KARACHI, Feb 14: Amid frequent killings in the city, a rare in-camera briefing in the Sindh Assembly on the law and order situation by top police officials was boycotted on Thursday by the Muttahida Qaumi Movement to protest what it described as ‘a government move to withdraw cases against a number of Lyari people’ despite the outright rejection of any such decision by the information minister.

MQM lawmakers staged a walkout from the assembly hall where the briefing was arranged, and threatened that the party would not have any electoral alliance with the Pakistan People’s Party in the elections if the latter continued to patronise what the MQM termed terrorists.

However, Information Minister Sharjeel Memon denied any such move and said had any such decision been taken, the MQM, being a coalition partner, would have been taken on board.

The house had decided on Monday to have an in-camera briefing followed by a debate on the law and order situation to know its causes and who was conspiring against democracy and why.

Sindh Health Minister Dr Sagheer Ahmad, who is also a member of the MQM coordination committee, talking to media persons on the main entrance of the assembly building after staging a walkout along with other MQM lawmakers, said that cases were withdrawn to hide the crimes of ‘notorious terrorists of Lyari gang warfare’. They included those involved in slitting throats of people and filming the barbaric acts, he said.

He said they were responsible for targeting political, economic and social activities of Karachi but it appeared that the government was protecting them.

The protesting lawmakers said a letter had been written by the law department for withdrawal of cases against a number of people belonging to Lyari.

He threatened that the MQM would part its ways with the PPP and field its candidates in the election on its own throughout the country if action was not taken against the criminals and the president and the federal law minister did not take its notice.

In reply to a question, the minister said that the MQM coordination committees in Karachi and London were in session and whatever decision was taken would be communicated to the people accordingly.

He said that the MQM passed the past five years giving sacrifices for the sake of democracy. “If our attitude of reconciliation is responded by a conspiracy, the government will be responsible for all the consequences,” he added.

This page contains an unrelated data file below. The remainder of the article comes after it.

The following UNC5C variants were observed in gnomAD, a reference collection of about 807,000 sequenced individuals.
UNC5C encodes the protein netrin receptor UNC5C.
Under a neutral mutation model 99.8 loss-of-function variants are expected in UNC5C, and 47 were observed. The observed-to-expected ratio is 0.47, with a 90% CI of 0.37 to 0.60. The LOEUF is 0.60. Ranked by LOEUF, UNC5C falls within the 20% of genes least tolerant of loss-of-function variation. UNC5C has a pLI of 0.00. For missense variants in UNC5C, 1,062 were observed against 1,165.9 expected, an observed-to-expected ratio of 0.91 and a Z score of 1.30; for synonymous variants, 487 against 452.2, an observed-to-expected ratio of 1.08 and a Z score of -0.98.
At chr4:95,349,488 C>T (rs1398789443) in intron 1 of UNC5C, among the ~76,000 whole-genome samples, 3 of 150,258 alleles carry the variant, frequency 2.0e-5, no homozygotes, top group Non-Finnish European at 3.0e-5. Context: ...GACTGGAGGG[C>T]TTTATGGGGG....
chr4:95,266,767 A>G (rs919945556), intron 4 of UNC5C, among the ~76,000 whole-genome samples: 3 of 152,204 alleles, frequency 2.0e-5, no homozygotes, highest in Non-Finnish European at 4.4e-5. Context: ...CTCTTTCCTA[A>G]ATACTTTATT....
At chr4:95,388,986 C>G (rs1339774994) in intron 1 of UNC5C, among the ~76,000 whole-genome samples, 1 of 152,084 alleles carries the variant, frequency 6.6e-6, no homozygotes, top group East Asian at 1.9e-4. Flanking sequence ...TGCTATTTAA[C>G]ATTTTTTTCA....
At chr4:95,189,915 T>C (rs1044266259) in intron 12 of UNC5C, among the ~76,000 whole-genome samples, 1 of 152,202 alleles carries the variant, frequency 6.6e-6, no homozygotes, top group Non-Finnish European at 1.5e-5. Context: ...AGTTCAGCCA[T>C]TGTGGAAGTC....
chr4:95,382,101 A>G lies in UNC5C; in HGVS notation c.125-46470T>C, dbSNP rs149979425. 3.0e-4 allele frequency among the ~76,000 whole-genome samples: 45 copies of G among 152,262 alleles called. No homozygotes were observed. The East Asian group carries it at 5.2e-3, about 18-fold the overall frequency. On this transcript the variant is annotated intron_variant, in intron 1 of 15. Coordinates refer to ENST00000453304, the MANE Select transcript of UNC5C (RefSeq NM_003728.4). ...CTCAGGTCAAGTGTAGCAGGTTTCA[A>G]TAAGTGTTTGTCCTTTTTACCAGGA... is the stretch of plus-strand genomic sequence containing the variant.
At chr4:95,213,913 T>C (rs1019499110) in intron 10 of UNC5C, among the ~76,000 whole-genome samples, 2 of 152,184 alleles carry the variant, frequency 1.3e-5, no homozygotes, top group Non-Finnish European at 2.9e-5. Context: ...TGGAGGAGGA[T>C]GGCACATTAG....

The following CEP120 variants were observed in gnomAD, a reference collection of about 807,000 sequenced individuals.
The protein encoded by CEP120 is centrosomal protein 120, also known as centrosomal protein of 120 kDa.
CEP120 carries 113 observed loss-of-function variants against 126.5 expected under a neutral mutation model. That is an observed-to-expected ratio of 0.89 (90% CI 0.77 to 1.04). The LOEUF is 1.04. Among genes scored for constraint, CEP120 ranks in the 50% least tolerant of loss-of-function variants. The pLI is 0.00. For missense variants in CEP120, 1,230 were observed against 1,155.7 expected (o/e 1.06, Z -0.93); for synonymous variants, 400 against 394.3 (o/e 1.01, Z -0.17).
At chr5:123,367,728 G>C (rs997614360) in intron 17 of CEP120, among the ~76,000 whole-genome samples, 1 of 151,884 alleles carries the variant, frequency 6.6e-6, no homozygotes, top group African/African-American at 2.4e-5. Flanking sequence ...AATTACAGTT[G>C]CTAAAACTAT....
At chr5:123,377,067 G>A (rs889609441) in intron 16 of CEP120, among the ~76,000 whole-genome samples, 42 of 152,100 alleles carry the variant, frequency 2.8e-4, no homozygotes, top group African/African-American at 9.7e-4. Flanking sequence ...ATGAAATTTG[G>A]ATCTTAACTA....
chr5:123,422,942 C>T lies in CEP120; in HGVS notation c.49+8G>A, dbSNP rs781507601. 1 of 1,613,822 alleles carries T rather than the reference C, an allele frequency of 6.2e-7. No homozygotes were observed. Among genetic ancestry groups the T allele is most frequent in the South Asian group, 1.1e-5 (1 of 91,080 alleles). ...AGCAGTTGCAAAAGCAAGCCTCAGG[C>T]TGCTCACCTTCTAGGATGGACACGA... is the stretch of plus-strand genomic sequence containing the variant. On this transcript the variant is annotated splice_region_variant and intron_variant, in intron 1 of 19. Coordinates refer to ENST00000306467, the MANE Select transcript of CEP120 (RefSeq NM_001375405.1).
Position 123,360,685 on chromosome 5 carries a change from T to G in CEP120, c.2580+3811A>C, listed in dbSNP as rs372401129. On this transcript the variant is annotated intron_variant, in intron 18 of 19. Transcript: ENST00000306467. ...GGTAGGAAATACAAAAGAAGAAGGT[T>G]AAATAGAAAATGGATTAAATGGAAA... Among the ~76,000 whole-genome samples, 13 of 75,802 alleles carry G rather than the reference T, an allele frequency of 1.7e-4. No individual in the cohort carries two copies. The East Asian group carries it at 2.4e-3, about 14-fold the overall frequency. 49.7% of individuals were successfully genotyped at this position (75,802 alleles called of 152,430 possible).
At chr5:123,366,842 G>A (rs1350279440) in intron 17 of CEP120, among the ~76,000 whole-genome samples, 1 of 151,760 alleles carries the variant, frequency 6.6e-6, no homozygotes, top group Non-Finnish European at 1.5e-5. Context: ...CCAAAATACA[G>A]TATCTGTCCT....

Following the in-camera briefing, Information Minister Sharjeel Memon told the media that talks about withdrawal of cases were no more than mere speculation.

“The MQM was our ally and their leaders’ statement is based on misunderstanding, which can be removed,” said the minister.

In reply to a question, he said the police officials during the briefing replied to the reservations expressed by some lawmakers. He added that the suggestions that required legislation would be taken care of by the government.

‘No directive received for cases withdrawal’ When asked about the withdrawal of the cases, special public prosecutor at the anti-terrorism court-III Abdul Maroof told Dawn that no directives had so far been received from the government regarding withdrawal of cases against the leadership of the People’s Amn Committee.

The trial of around 35 cases lodged against the head of the proscribed committee Uzair Jan Baloch and dozens of others associated, said to be affiliated with PAC and Lyari gang warfare, for allegedly putting up resistance during an operation conducted in Lyari in April-May last year by allegedly killing police personnel and civilian, was pending before the anti-terrorism court-III.

The special public prosecutor said that he had yet to receive any direction from the department concerned about the withdrawal of the cases.

Court sources said that no notification about withdrawal of cases was submitted in court till Wednesday. Usually such documents were filed through the prosecutor, they added.

It’s worth noting here that out of around 35 cases, 13 cases were lodged under Section 302 (premeditated murder) of the Pakistan Penal Code and if the government indeed planned to withdraw the cases, it had to take a prior permission from legal heirs of the deceased in the cases involving Qisas and Diyat.Legal experts believed that the state could withdraw any case at any stage under Section 494 of the criminal procedure code, but could not drop murder charges without seeking permission from the families of the victims.


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